Estate planning is the process of addressing a number of important issues that everyone will eventually need to face. This section is intended to summarize the basic concerns people have and to give you an idea of how estate planning techniques can be used to address these concerns.
1. Who will handle my affairs if I am not able to do so?
The basic way to help ensure that someone is able to step in and take care of your finances if you become temporarily or permanently unable to do so on your own is to have a durable Power of Attorney in place. A Power of Attorney names an attorney-in-fact who is given certain powers to allow him or her to act on your behalf with regard to your various financial and property-related affairs.
If you have reason to fear that your incapacity will become permanent or otherwise last for a very long period, you can take an additional step to help ensure that someone can take care of your affairs by setting up a Revocable Living Trust or “RLT.” An RLT is a trust that you create for your own benefit during your lifetime, and which you can undo later if you change your mind. An RLT is stronger than a Power of Attorney because the Trustee of an RLT generally has broader powers than an attorney-in-fact under a Power of Attorney, and because the Trustee is the legal owner of the assets, rather than merely an agent for the owner. This means that a Trustee is generally given more respect by third parties than an attorney-in-fact. When needed, your assets can be placed in the RLT, where the Trustee can manage and use them for your benefit.
2. Who will make my health care related decisions if I am not able to do so, and how will they know my wishes?
The most basic way to help ensure that your wishes with regard to medical treatment are known and followed is to execute an Advance Directive for Health Care. The Georgia Advance Directive for Health Care is a document that does two things. First, it lets you name a “health care agent” who is authorized to receive health care related information and make health care related decisions for you. These decisions can include ones relating to whether to withhold or withdraw life support and what emergency resuscitation procedures to allow, as well as decisions relating to other, more routine issues. The powers given to your health care agent can be quite broad. If you do not have an Advance Directive for Health Care in place it can be extremely difficult for your family to get information about your health, work with your insurance providers, or deal with your health care providers for you.
The second thing an Advance Directive for Health Care does is allow you to set forth your wishes regarding the types of care which are or are not provided to you in certain situations, including any desire to have artificial life support withheld or withdrawn. The section of the Advance Directive for Health Care that deals with these issues replaces the older “Living Will” form that was used in Georgia prior to July 2007. By executing the “Living Will” portion of the Advance Directive for Health Care, you also indicate whether or not you wish to be given food and water through a feeding tube and other life support measures if you are in one of the situations to which this section applies.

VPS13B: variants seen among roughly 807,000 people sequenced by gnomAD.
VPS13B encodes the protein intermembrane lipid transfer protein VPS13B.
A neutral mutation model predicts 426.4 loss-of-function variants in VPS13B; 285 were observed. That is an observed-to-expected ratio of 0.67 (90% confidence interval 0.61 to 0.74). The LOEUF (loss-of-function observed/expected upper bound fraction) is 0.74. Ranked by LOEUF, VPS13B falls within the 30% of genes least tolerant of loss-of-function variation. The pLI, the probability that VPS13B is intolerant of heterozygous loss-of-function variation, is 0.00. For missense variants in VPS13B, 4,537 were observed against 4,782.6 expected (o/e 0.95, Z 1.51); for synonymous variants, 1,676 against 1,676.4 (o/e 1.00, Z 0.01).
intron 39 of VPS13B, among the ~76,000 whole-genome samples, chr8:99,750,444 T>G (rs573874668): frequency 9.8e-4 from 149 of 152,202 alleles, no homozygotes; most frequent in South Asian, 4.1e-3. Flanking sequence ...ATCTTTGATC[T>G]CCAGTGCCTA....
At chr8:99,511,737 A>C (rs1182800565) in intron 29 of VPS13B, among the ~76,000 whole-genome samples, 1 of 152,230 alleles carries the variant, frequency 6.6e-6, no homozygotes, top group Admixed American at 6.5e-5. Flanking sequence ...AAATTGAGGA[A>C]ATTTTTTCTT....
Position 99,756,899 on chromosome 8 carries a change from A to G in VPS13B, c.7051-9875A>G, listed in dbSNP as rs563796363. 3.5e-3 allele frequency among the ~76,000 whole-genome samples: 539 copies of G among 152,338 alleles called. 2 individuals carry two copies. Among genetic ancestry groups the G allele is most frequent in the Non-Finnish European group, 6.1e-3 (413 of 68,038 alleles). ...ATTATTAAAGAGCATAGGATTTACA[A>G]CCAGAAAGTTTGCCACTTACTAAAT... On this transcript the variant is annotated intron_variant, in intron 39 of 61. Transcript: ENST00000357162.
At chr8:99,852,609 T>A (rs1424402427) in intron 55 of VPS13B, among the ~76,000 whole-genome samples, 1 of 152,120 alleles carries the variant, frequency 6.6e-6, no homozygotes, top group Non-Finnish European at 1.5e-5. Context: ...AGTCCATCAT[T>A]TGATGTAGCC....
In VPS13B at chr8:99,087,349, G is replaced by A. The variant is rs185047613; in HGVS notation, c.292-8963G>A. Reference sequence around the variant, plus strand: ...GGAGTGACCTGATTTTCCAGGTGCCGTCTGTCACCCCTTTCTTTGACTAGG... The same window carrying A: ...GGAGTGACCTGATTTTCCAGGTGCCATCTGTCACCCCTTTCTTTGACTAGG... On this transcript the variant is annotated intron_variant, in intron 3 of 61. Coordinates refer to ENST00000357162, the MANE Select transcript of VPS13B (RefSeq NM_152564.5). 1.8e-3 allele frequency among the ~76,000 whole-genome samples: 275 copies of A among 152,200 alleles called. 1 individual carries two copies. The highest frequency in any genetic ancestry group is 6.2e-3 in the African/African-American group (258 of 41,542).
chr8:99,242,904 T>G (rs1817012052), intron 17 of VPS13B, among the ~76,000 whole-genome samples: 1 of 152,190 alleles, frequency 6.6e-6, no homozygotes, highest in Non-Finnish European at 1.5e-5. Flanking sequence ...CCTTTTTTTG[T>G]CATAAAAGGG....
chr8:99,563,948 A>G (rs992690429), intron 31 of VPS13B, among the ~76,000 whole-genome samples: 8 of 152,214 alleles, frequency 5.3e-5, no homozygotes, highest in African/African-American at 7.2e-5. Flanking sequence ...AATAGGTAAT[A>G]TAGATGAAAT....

We also recommend that you take steps to let your family know your general thoughts and desires with regard to medical care, especially with regard to end-of-life situations. Ideally, you will write a letter, or Ethical Will, to your loved ones and keep a copy of the letter with your Advance Directive for Health Care. The Advance Directive for Health Care also contains an optional section, in the Living Will portion, which allows you to make these types of statements in your own words as part of the legal document.
3. Do I need to try to avoid probate?
Generally, if you live primarily in Georgia, you do not need to fear probate, since the probate process in Georgia is relatively simple, quick, and inexpensive IF you have a properly drafted and executed Will. However, there are at least two situations in which you may want to take steps to reduce the extent to which your assets will pass through probate:
- If you expect that a family member may be unhappy with the terms of your estate plan
- If you own real estate located in a state other than Georgia.
Generally the best way to reduce the need to have your assets pass through probate is to create a Revocable Living Trust or “RLT.” Any assets that you do not want to pass through probate then must be placed in the RLT before your death.
Beneficiary designations, “payable on death” or “POD” designations, “transfer on death” or “TOD” registrations, and joint ownership of assets with rights of survivorship are also techniques which are often used to try to avoid probate. However, beneficiary designations, POD designations, TOD registrations, and joint ownership, if not used carefully, can end up contradicting your desired estate distribution intent. Therefore, we recommend that you consult an experienced estate planning attorney regarding these techniques. The attorney should be able to advise you on the best way to use these techniques so that they complement, rather than contradict, your estate planning documents.